Wednesday, May 6, 2009

Survey Results: Strong Support for Rail, Port Projects

We've received numerous responses (140) in just one day on the survey, and the results so far have been pretty clear-cut. People answered from around the County.

1. People are very supportive of the high speed rail (Cleveland-Cincinnati) idea: 76% support the idea (54.7% strongly); 10.2% neutral. 14% oppose. This was the most popular idea.

2. Second most popular is the Queensgate Terminal project on the river: 75.6% support the idea (35.3% strongly); 12.2% neutral. Only 12% oppose.

3. There is strong support for banning texting while driving. 65% support the ban (44% strongly). 22.3% oppose the idea.

4. The casino idea receives general support, but with some strong opposition as well. 57% support (34% strongly); 13% were neutral; but 30% opposed (20% strongly).

5. There is general support for consolidating fire districts. 54% support; 30% neutral; and 16% opposed.

6. There was more lukewarm support for lengthening the school year: 46% support; 24% neutral; 30% oppose.

7. People are strongly opposed to a Charter referendum that stops all investments in passenger rail pending a separate referendum: 38% strongly oppose; 21.2% oppose; 20.4% neutral. 20% supported (12% of those strongly).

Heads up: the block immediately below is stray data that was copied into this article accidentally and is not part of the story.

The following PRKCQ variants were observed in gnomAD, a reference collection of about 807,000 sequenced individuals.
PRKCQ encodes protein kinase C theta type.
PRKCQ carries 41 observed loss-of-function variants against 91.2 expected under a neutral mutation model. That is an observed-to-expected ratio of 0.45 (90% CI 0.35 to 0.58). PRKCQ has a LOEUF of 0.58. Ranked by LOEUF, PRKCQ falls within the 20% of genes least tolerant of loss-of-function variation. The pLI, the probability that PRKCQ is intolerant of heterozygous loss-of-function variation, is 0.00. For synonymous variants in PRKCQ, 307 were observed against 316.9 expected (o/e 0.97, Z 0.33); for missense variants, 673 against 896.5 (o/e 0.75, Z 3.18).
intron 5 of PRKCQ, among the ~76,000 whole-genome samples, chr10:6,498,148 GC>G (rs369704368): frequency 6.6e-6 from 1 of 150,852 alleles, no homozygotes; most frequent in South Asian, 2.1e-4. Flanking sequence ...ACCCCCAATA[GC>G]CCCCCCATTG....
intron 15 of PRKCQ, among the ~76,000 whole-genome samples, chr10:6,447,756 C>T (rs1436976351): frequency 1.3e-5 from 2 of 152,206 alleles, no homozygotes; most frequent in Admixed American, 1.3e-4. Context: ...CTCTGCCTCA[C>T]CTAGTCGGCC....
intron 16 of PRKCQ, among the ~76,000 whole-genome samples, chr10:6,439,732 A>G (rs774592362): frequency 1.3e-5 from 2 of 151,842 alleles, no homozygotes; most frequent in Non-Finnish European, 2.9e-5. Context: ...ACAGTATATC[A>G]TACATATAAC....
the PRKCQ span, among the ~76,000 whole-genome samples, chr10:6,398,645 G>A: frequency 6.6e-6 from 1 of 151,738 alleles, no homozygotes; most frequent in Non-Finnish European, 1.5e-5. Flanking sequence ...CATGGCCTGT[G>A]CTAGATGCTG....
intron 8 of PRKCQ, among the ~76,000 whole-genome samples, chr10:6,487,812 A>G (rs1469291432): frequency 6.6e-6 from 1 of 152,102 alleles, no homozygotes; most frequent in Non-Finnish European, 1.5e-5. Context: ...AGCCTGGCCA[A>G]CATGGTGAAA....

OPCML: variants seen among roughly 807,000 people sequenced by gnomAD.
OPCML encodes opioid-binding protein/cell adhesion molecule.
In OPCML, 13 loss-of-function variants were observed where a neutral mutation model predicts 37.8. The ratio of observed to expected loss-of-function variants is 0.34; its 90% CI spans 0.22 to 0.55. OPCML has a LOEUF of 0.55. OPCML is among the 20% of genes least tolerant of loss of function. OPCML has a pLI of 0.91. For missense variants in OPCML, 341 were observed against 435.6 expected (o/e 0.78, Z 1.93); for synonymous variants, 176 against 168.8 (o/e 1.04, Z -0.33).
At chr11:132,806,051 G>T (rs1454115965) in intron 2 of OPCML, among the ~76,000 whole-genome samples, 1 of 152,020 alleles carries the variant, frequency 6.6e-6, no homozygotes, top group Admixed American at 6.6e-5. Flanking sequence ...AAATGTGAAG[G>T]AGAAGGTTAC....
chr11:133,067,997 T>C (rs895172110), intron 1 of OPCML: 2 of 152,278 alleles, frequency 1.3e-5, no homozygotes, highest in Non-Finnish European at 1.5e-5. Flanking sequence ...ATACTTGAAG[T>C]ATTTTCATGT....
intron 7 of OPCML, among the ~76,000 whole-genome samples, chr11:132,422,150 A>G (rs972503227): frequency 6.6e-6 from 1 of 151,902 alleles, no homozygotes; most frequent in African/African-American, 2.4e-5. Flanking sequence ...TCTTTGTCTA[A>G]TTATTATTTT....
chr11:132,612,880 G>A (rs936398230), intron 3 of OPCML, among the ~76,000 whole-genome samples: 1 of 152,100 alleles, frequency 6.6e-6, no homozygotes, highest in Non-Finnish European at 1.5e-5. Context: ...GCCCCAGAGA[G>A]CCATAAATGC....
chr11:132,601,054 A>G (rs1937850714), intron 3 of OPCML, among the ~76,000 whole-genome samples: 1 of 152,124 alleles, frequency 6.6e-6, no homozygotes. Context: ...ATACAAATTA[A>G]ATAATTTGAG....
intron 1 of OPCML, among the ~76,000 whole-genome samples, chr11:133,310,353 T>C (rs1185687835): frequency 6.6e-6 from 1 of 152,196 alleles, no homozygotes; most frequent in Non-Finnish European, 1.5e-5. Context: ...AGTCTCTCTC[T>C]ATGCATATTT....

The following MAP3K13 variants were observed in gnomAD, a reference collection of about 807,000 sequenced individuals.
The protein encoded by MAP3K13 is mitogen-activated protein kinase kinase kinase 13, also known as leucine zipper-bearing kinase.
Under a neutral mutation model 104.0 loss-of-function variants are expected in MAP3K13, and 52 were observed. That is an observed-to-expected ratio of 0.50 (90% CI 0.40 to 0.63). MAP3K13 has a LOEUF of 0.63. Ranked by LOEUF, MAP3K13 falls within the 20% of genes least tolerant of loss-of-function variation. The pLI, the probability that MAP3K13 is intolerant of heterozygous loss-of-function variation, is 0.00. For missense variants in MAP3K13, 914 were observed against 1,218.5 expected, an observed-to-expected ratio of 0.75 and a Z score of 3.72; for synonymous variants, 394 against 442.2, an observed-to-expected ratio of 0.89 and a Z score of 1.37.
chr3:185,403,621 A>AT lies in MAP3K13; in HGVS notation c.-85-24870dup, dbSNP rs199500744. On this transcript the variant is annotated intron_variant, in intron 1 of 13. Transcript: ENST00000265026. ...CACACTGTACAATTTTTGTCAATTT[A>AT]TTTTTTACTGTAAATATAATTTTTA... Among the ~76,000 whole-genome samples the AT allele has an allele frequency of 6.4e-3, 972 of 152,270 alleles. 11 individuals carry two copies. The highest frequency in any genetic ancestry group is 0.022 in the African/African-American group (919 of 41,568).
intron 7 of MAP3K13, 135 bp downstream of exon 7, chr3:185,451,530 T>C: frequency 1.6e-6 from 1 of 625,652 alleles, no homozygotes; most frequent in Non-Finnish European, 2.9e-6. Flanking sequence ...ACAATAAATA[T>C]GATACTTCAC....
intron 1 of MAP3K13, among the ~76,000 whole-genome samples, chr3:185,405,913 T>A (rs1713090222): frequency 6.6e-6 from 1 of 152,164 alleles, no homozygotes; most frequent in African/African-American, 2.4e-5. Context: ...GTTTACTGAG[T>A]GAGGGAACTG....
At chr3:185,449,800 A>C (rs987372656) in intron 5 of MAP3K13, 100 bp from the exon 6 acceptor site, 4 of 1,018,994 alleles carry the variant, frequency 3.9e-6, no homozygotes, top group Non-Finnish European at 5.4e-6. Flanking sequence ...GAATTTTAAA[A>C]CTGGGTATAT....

If you haven't yet done the survey, go to the blog posting below . . . .

2 comments: said...

Ah, David, this is proof positive on why democracies don't work … "A democracy is nothing more than mob rule, where fifty-one percent of the people may take away the rights of the other forty-nine." - Thomas Jefferson

Yes another posting on "should we spend or should we spend"? Why not ask if endeavors such as these should be left up to the free markets?

Anonymous said...

"In the 1870s Jefferson had seen the press primarily as an effective means of keeping the people in solidarity with their leaders. With a republican form of government in place, the greatest threats to such solidarity were erroneous popular beliefs and fears arising from provincial unworldliness and lack of information about the government's activities. Rather than favoring the establishment of an authoritative press that would 'conciliate' the people, a la Fenno, Jefferson had sought to encourage the broad dissemination of as many newspapers as possible. 'Were it left to me to decide whether we should have a government without newspapers, or newspapers without a government,' declaimed Jefferson in a famous passage, 'I should not hesitate a moment to prefer the latter.' This statement naturally has become a favorite with generations of American journalists but for Jefferson it had a particular meaning. In American Indian societies he noted "public opinion is in the place of law, and retrains morals as powerfully as laws ever did anywhere." In a literate typographical society, newspapers were the means by which the rule of public opinion would be put into action; if the people were provided with an accurate view of the world, then public opinion would always be a good ruler."
-"The tyranny of printers" By Jeffrey L. Pasley p.62

I think that is far cry from what rbollas claims. I'm confused on the "should we spend or should we spend rhetoric", because it is indisputable that no matter what party is in power government spending increases.

Free Blog CounterEnglish German Translation